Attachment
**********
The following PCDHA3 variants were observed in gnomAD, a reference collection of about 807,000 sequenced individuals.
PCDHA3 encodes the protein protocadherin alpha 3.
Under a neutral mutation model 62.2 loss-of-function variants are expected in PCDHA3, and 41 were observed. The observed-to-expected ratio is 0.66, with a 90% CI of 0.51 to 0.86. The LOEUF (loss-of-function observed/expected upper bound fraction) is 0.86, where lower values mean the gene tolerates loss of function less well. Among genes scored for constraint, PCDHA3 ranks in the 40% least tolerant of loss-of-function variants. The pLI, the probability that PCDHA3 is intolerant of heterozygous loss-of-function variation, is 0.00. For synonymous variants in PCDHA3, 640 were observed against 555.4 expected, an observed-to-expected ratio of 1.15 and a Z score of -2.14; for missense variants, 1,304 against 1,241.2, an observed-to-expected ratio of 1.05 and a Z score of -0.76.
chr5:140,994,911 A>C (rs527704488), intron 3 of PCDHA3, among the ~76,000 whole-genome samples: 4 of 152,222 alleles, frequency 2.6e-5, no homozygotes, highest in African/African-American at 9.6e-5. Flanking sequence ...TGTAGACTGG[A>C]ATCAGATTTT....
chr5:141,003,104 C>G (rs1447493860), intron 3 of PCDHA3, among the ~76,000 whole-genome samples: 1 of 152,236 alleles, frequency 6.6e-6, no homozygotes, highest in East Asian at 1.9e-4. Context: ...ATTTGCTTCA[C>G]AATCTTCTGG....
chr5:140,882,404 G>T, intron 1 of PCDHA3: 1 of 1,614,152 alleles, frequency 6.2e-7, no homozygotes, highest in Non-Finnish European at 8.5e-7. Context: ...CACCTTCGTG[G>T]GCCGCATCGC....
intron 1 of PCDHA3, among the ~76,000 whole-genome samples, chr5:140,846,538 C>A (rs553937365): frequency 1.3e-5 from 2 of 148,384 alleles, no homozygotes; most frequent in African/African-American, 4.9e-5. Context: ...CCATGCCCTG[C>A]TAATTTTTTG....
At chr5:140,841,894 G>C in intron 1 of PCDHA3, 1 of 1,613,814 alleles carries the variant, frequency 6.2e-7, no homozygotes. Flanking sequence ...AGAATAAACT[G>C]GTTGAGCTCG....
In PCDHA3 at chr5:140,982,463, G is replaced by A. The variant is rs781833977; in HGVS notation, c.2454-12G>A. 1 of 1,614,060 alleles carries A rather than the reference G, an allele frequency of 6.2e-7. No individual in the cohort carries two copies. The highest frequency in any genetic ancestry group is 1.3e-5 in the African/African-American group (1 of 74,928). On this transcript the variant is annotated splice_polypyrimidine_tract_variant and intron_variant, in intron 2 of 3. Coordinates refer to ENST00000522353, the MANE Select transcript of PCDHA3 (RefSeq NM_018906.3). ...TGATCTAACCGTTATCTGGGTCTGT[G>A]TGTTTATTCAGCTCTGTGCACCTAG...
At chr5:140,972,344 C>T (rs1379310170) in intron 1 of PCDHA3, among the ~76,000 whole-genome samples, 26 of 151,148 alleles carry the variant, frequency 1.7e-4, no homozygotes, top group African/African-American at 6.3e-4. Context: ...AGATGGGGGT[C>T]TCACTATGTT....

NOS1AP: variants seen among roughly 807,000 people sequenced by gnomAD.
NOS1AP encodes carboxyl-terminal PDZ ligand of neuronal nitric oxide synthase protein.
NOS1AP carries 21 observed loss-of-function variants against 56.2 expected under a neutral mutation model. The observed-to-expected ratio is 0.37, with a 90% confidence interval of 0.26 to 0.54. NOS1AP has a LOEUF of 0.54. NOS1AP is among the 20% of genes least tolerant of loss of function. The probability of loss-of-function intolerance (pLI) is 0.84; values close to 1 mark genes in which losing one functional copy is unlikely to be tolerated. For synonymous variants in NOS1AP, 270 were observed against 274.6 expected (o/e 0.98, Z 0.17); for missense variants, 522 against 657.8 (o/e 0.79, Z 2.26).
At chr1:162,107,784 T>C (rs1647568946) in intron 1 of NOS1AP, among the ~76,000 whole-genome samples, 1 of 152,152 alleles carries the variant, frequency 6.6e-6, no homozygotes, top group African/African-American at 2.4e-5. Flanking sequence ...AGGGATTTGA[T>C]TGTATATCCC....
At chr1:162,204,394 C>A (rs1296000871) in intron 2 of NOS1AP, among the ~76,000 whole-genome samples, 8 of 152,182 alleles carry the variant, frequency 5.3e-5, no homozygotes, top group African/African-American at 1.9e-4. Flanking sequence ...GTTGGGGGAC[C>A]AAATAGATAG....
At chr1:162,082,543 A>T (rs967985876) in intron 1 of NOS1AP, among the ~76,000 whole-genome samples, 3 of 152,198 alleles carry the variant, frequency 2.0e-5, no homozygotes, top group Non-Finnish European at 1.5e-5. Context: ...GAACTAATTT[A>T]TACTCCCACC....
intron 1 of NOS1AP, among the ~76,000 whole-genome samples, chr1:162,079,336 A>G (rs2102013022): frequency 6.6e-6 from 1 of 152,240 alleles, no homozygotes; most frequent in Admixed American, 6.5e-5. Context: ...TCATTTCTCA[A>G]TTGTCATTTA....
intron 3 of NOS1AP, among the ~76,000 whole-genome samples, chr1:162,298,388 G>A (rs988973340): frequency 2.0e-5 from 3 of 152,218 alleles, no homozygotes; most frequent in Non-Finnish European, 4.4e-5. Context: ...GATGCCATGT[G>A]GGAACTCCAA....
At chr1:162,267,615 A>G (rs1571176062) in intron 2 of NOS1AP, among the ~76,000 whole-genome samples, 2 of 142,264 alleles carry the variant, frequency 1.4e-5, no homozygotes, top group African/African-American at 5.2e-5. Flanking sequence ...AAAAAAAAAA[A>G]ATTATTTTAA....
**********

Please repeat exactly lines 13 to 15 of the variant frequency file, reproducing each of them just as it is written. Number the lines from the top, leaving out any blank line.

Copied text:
NOS1AP carries 21 observed loss-of-function variants against 56.2 expected under a neutral mutation model. The observed-to-expected ratio is 0.37, with a 90% confidence interval of 0.26 to 0.54. NOS1AP has a LOEUF of 0.54. NOS1AP is among the 20% of genes least tolerant of loss of function. The probability of loss-of-function intolerance (pLI) is 0.84; values close to 1 mark genes in which losing one functional copy is unlikely to be tolerated. For synonymous variants in NOS1AP, 270 were observed against 274.6 expected (o/e 0.98, Z 0.17); for missense variants, 522 against 657.8 (o/e 0.79, Z 2.26).
At chr1:162,107,784 T>C (rs1647568946) in intron 1 of NOS1AP, among the ~76,000 whole-genome samples, 1 of 152,152 alleles carries the variant, frequency 6.6e-6, no homozygotes, top group African/African-American at 2.4e-5. Flanking sequence ...AGGGATTTGA[T>C]TGTATATCCC....
At chr1:162,204,394 C>A (rs1296000871) in intron 2 of NOS1AP, among the ~76,000 whole-genome samples, 8 of 152,182 alleles carry the variant, frequency 5.3e-5, no homozygotes, top group African/African-American at 1.9e-4. Flanking sequence ...GTTGGGGGAC[C>A]AAATAGATAG....